A pair of Pisces-Quadplus electrodes (in combination with the X-TREL stimulation system by Medtronic Inc., Minneapolis, Minn.) were inserted into the dorsal epidural space over the upper lumbar enlargement of the spinal cord. After surgical wound healing and retraining with PWBT to pre-surgery levels, a variety of electrical parameter sets were examined to test the efficacy of ESCS to enhance locomotion performance. Locomotion characteristics were analyzed by measuring average speed, stepping symmetry, swing/stance times, sense of effort (approximating the Borg Scale), physical work capacity, and whole body metabolic activity.
PWBT led to an improved stereotypic stepping pattern on the treadmill and during an over-ground 15 m walk with extremely low speed, poor endurance, and a marked sense of effort (8/10). After combining PWBT and ESCS, immediate improvements were noted: a propensity to exhibit a smoother, more organized stepping pattern at higher treadmill rates and self-supported body weight, considerable improvement in endurance and speed during over-ground walking, and decreased sense of effort (2/10).
Vital ESCS parameters included electrode distance, pulse duration, and amplitude. We observed that long pulse durations (e.g., 0.8 msec) were essential while frequencies (e.g., 20–60 Hz) were comparatively less sensitive. The amplitude was above sensory threshold (sense of “parasthesia or vibration”) but below that causing motor contraction. The electrode distance was at least 15 mm to cover a wide segment of the spinal cord lumbar enlargement.
Early in the transition from PWBT to over-ground walking, the gas exchange data revealed that ESCS reduced exercise-induced CO2 and production and O2 consumption rates see
ESCS was associated with increased walking speed and decreased sense of effort by a factor of three. With 1.5 months of continued training, the average walking speed, gas exchange responses, and endurance converged between the two conditions (ESCS and non-ESCS). The trend line in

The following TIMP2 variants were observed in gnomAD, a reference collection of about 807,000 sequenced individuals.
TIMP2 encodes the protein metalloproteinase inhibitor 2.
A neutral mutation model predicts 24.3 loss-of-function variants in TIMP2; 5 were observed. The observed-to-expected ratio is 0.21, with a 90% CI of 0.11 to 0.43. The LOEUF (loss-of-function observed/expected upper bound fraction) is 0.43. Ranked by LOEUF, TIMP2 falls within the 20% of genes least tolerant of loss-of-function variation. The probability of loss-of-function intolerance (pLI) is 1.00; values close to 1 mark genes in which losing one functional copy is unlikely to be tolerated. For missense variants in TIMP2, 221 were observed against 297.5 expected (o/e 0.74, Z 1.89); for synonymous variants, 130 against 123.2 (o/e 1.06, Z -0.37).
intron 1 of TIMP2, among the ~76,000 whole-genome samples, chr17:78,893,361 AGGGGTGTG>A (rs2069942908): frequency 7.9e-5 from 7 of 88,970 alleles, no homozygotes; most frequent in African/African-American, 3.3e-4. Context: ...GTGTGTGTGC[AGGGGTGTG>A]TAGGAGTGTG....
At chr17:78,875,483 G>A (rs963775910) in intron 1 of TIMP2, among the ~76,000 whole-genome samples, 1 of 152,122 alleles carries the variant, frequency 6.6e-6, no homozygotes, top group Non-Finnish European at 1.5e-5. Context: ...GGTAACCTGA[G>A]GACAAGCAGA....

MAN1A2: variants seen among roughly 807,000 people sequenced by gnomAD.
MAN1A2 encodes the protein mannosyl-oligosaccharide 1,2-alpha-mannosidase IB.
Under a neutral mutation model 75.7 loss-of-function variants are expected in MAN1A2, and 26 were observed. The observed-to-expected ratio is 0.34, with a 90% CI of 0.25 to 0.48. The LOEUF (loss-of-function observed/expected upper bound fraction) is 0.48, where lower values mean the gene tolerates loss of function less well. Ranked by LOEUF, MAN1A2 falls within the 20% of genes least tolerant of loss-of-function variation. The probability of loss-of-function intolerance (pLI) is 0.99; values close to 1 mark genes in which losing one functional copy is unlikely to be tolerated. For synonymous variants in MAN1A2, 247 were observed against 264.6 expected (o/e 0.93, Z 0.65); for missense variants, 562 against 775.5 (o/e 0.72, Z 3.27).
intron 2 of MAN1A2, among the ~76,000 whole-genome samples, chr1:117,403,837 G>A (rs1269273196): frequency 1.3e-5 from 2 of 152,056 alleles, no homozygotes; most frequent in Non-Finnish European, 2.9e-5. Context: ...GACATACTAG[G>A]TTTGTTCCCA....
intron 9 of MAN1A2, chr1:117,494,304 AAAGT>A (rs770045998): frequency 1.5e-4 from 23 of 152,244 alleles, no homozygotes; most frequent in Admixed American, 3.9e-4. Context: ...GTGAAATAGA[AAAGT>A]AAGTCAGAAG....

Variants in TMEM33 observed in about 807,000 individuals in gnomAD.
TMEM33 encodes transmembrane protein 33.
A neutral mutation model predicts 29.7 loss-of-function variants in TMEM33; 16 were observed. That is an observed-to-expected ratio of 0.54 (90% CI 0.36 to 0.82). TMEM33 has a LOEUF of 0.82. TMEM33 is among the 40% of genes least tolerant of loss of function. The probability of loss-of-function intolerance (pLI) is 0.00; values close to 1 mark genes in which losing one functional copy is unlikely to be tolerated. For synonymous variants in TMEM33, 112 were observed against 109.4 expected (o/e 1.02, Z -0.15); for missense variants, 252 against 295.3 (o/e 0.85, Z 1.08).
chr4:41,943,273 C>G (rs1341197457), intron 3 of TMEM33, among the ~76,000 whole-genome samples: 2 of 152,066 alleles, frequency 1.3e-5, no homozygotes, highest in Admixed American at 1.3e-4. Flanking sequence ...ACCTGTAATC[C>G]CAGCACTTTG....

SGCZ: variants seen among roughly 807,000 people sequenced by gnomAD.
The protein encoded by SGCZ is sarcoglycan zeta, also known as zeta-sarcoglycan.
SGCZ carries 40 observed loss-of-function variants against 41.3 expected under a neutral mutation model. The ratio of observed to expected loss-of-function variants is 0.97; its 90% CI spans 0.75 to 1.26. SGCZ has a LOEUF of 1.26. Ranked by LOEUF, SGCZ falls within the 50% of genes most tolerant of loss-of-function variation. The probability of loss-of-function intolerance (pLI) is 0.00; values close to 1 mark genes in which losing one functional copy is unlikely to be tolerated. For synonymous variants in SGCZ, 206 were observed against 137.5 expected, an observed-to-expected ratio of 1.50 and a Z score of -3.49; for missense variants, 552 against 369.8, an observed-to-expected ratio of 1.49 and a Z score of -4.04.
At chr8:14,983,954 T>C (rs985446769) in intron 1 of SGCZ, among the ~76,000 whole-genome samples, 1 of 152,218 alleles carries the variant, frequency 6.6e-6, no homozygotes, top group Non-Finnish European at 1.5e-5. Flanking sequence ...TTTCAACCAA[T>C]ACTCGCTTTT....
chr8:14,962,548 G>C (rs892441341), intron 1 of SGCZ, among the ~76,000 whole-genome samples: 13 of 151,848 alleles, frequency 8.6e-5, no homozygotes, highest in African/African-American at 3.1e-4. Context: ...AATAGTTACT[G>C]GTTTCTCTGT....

Purportedly, the mechanism of PWBT has been ascribed to the retraining of the spinal cord circuits to promote the sensitivity of the system to generate locomotion rhythm-related signals, within the context of both motor drives and sensory reflexes. When the injury is severe (ASIA B and C), signals from motor drives and sensors are week. Hence, the success of PWBT to promote functional ambulation is difficult to achieve but capable of eliciting a semblance of “use-dependent” behavior during over-ground walking. We theorize that when ESCS is applied in conjunction with PWBT, the electrical current provides the modulation/amplification of neural circuits responsible for locomotion rhythm generation by further exciting segmental afferent inputs and facilitating a “stored” locomotion program.
The gas exchange data indicated that ESCS reduced the O2 and energy cost of walking by ˜20%. The impact of ESCS on CO2 production was more pronounced. If acid-base balance during walking is assumed, gas exchange data revealed an 8-fold-greater exercise-induced fat oxidation rate with ESCS (
We propose that ESCS augmented the “use-dependent plasticity”. Created by PWBT and concur with the view that ESCS “has the potential for serving as a valuable adjunct to post-SCI treadmill training and other therapeutic interventions” (see “Spinal Cord Stimulation-Induced Locomotion in the Adult Cat”, id.) Although the results reported here are derived from only one subject, it is clear that the combined PWBT and ESCS therapy can facilitate restoration of functional ambulation of a wheelchair-dependent ISCI patient.
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|U.S. Classification||607/49, 482/54, 607/117|
|International Classification||A61N1/08, A61H3/00, A61N1/36, A63B22/02|
|Cooperative Classification||A61H1/0262, A61H3/008, A61H3/00, A61H2201/10, A61N1/36035, A63B22/02|
|European Classification||A61H3/00H, A61N1/36H|
|Jan 25, 2010||REMI||Maintenance fee reminder mailed|
|Jun 20, 2010||LAPS||Lapse for failure to pay maintenance fees|